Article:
Filmmaker: Mark Macinnis
Film: Black Kat, 1st annual MFF Short Film Official Selection, 2013
“Rick Monahan has dedicated his life to vintage BMW motorcycles. He didn’t watch Easy Rider, he lived it. Rick’s passion for these bikes sustained him from bad ass teen shooting down Route 66 to opening his own indie garage in order to “pollinate Western L.A. with as many BMW’s as possible.”
Q: What inspired you to make this movie?
A: Rick Monahan was the inspiration behind making this film. Vintage bike owners know that finding a good mechanic is like finding gold. Anyone who’s met Rick will tell you what an honest and great guy he is. I wanted to do something special to honor him.
Rick gave up his day job at 50 because of his obsession with old Beamers. He’s really more of an artist with these vintage bikes; he lives in his shop with a hundred or so on hand to keep him going. As he says, he’s busy “pollinating the streets of LA as many vintage BMW’s as he can”.
Q: How did you find the MFF?
A: I was looking for an interesting festival online and I came across the MFF. I could tell from the MFF website that it was a festival fueled by a passion for the motorcycle culture. I was also excited to be a part of something new and respected the crew that was making this up and just going for it.
Q: Have you made any other films, and if so, is there a common theme throughout your films?
A: In 2011 I made a film called URBAN ROOTS. It’s a documentary about the urban farmers in Detroit. Like Urban Roots, Black Kat was made out of my connection to the people and the subject. Because films are so hard to make, I’m only going to do something that I believe in. So far the common theme throughout my films are people in unique situations doing what they love at any cost.
Q: Do you ride a motorcycle, and If so, tell us a little about what you ride, and why?
A: Yes, I do ride. I have a 1975 BMW R90 and a 1969 BSA Star Fire
The reason I ride has evolved over the years. About 10 years ago I bought the BSA because I was broke, so I started riding because of my financial situation. Once I got into it the feeling and memories of riding dirt bikes on the trails with my brother would come back constantly. And the smell of gasoline would remind me of my dad. It was a means of transportation but also a mental time warp that brought back some amazing memories.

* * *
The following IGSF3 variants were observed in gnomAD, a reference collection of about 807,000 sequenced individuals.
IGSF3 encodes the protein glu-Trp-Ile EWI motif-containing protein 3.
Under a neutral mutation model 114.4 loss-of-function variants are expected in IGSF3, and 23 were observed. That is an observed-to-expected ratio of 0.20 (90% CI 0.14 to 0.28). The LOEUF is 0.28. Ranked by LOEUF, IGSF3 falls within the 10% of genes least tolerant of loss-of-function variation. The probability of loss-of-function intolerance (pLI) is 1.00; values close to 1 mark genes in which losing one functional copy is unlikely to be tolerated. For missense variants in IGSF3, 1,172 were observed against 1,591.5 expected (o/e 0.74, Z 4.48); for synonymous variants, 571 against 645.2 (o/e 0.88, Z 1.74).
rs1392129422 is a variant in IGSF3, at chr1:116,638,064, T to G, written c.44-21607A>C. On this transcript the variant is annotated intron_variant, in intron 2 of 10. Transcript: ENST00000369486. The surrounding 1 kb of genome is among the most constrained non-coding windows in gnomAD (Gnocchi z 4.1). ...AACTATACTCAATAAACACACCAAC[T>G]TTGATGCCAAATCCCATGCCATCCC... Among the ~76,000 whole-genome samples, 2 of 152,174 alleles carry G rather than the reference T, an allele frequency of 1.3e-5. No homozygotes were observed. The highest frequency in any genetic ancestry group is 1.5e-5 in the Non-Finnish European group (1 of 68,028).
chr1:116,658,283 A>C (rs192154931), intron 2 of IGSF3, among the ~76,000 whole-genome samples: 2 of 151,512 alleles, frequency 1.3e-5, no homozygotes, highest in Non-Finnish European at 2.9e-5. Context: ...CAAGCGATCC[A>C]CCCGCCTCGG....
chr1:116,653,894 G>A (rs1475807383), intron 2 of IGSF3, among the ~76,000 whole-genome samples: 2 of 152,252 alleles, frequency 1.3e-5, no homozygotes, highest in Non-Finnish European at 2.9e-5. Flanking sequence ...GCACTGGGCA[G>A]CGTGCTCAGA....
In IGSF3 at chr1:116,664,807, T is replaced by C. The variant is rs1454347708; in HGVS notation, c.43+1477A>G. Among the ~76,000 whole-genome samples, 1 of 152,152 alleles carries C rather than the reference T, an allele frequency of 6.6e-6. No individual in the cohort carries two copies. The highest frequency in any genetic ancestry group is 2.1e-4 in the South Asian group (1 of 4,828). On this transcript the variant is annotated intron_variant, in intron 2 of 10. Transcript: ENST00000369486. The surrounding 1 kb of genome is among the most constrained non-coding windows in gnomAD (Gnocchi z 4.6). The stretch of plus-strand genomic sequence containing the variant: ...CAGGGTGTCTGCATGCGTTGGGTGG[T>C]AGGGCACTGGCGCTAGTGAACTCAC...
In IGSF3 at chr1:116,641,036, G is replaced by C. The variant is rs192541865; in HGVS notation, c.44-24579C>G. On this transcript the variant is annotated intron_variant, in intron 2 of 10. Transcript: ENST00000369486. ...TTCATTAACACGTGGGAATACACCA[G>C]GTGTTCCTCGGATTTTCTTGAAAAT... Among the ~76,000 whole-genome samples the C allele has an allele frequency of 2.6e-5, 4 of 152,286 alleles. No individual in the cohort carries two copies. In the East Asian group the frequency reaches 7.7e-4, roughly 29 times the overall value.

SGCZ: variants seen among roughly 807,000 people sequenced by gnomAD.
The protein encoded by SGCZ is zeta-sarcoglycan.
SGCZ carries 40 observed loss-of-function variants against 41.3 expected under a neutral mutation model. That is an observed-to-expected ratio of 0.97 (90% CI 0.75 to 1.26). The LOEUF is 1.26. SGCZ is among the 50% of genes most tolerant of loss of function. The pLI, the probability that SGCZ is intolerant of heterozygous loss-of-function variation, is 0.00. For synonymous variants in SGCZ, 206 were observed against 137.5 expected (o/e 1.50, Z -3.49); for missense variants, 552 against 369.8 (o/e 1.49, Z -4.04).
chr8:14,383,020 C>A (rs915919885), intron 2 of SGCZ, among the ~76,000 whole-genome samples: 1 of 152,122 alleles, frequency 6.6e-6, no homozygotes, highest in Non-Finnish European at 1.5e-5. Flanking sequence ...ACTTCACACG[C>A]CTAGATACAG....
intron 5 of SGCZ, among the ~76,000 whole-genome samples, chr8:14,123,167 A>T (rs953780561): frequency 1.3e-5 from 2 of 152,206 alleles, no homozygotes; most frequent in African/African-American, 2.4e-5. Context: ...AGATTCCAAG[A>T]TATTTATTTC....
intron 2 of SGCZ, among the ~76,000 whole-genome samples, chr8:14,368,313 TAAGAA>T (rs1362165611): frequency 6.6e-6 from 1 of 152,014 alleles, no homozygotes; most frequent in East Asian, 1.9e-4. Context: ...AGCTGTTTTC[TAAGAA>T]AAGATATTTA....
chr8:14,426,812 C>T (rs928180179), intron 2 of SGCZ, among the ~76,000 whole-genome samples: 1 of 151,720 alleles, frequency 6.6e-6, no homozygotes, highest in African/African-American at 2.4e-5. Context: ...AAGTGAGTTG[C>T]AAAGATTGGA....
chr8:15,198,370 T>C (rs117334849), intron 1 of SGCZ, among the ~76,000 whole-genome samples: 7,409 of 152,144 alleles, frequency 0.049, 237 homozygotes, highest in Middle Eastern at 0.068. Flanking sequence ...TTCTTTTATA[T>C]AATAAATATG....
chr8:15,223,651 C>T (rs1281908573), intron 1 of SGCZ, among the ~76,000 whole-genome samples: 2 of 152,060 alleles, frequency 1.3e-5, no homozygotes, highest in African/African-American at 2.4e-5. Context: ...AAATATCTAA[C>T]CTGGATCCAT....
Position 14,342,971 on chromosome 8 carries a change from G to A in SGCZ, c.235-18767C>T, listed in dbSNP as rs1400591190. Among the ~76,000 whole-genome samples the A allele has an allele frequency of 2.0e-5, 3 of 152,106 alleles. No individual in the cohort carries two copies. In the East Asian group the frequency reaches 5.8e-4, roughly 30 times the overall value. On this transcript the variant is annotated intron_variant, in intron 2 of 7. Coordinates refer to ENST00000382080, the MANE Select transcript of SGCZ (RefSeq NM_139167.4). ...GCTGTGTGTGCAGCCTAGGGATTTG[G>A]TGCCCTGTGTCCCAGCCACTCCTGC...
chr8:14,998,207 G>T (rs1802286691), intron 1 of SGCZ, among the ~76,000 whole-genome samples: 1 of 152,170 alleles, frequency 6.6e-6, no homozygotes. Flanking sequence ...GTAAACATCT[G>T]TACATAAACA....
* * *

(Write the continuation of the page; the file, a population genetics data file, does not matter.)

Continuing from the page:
Now the bikes are pure joy. They give me my Zen when I’m riding and when I’m wrenching on them. Motorcycles also open me up to meeting amazing friends and having experiences that I would never have had otherwise.
Q: As a filmmaker, what about the MFF and motorcycle films in general speaks to you?
A: The MFF reminds me of the Sex Pistols… they’re just doing whatever they want and that really resonates with me. They’re doing it the right way and with the right people.
Q: Possibly impossible question: Favorite bike movie?
A: My favorite motorcycle movie is Motorcycle Diaries by Walter Salles. I saw this film just as I was getting back into riding. Anyone who has spent some serious time on a bike can appreciate that desire to take off in search of something. It has everything, an amazing Norton, adventure, great cinema photography, beautiful soundtrack and social justice tied to the film, a great combination.
Q: What’s next for you as a filmmaker?
A: I just produced a multimedia iBook based on Rick that’s available on iTunes. The iBook features my film Black Kat, old photos and advice from Rick. See the book HERE